It is hard to cast last week’s election of Donald Trump as the next president as anything but bad news for solar. If there is any saving grace, it is that with each year federal support becomes less important, and that most of the driving policies for solar in the United States are at the state level.
That being said, the signs do not look good. Trump has appointed utility and fossil fuel lobbyist Mike McKenna to handle the transition team at the U.S. Department of Energy (DOE), where insiders who pv magazine spoke with report concern for the future of the SunShot Initiative.
But despite Koch Brothers lobbyists openly prowling the corridors of DOE, today the agency reminded us that the federal government is still under the control of President Obama, and came out with all guns firing on clean energy support programs. This includes announcing $124 million in funding for solar projects in El Salvador and India through the Overseas Private Investment Corporation (OPIC), a major expansion of Mission Innovation, and a host of other projects.
Of the $124 million, $50 million will go to support eight utility-scale solar projects in El Salvador. The other $74 million will fund a 100 MW utility-scale solar project in the new Indian state of Telangana, as part of a $250 million facility in collaboration with ReNew Power Ventures to support up to 400 MW of new solar in multiple Indian states.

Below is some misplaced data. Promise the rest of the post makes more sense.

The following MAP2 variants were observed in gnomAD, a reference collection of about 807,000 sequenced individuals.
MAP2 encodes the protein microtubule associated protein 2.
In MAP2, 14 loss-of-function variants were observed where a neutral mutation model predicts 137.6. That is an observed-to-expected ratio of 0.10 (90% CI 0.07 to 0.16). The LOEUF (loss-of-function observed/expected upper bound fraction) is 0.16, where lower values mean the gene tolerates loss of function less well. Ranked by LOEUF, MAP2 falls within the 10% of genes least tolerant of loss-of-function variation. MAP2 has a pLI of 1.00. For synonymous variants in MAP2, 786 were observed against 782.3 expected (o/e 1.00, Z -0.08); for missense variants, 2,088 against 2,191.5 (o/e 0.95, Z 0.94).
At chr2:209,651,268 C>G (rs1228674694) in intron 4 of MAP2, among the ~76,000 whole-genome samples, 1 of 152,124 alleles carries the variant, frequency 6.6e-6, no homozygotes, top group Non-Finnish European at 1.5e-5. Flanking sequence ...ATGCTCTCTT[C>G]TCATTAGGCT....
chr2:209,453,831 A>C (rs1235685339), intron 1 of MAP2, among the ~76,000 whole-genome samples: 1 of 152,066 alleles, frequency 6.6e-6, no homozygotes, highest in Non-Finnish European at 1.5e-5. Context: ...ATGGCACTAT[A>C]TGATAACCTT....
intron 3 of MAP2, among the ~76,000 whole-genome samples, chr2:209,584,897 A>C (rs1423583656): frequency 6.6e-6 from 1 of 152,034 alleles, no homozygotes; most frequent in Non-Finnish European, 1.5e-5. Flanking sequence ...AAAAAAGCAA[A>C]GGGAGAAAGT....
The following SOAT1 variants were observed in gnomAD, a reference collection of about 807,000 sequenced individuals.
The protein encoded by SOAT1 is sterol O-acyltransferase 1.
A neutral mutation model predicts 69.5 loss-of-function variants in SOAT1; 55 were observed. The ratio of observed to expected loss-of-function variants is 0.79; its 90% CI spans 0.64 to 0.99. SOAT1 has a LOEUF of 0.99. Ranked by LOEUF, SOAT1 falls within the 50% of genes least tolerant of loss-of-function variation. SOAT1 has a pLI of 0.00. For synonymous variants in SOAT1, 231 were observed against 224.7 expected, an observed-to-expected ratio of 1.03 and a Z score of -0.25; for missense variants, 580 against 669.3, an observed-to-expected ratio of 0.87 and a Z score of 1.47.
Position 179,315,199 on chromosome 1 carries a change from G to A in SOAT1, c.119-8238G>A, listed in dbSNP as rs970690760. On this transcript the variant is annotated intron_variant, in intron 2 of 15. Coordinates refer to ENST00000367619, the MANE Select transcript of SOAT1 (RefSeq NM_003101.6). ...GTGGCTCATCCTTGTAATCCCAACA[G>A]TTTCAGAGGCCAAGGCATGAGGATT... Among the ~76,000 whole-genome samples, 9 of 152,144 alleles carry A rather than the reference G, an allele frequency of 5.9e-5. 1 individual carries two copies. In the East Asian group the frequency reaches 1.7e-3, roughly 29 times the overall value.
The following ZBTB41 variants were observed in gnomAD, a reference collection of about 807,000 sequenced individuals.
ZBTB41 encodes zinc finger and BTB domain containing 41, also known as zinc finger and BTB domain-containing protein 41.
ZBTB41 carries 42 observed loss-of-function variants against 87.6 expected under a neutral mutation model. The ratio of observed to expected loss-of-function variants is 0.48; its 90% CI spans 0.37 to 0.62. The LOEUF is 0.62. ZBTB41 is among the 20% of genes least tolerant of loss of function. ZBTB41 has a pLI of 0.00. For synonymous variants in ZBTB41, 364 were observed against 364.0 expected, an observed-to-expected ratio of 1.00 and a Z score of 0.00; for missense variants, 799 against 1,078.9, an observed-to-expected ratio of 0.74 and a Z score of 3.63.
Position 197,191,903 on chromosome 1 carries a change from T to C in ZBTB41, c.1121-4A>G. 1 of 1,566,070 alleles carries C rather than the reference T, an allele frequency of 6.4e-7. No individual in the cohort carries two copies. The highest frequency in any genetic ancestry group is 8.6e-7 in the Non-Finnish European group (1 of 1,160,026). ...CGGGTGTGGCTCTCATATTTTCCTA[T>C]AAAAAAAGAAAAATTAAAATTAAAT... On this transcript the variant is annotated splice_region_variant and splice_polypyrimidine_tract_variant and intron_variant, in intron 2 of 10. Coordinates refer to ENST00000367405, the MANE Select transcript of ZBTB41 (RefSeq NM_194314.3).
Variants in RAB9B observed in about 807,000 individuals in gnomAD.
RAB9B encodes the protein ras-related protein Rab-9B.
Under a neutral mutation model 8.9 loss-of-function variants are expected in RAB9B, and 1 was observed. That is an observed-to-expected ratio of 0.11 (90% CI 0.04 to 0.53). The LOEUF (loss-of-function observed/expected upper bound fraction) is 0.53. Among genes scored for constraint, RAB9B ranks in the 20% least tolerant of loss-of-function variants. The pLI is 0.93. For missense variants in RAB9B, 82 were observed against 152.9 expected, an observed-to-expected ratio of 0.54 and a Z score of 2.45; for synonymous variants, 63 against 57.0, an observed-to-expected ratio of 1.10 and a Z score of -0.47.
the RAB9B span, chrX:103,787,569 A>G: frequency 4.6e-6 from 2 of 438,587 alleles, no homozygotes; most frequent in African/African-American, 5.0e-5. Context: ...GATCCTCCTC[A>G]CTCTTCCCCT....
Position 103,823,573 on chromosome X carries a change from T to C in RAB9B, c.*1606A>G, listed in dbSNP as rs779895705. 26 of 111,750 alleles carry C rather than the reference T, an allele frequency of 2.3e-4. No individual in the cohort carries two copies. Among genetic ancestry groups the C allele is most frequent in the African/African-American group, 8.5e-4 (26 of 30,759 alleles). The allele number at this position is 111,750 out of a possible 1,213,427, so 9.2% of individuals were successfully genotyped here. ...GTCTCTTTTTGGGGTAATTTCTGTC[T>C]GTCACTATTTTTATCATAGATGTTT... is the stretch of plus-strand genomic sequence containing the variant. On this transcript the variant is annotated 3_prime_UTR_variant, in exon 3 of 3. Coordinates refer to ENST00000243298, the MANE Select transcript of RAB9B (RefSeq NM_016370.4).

A press release by OPIC notes that the commitment for the project funding and the facility was signed at the 22nd Conference of the Parties to the United Nations Framework Convention on Climate Change in Morocco.
In cooperation with the government of India and “leading philanthropies”, OPIC will also launch a $20 million distributed solar facility, which DOE says will address a key financing gap in the Indian distributed solar market by funding early-stage project work.
In addition to this, DOE is announcing major expansion of Mission Innovation, the Bill Gates-inspired international innovation program which aims to double public investment in clean energy R&D to $30 billion in five years. Mission Innovation has welcomed Finland and the Netherlands to the initiative, as well as launching seven new innovation challenges focused on topics including smart grids, off-grid access to electricity and clean energy materials.
The U.S. Agency for International Development (USAID) and the Department of State have also announced a partnership with National Renewable Energy Laboratories (NREL) to identify energy entrepreneurs in emerging markets, to help them expand their work, and to link them to investors.
As if that were not enough, DOE also announced that it is expanding the development of renewable energy projects and access to renewable energy in Sub-Saharan Africa through the Power Africa Initiative. This includes new collaborations with Microsoft, the Acumen Fund and the United Nations Foundation, and a partnership with Morocco to host the first solar decathlon competition in Africa.
The beauty of many of these moves is that they can be completed before Trump and his band of lobbyists and climate-denying shills actually take the reigns of power. For the other solar work of the DOE, it remains to be seen how long it will survive.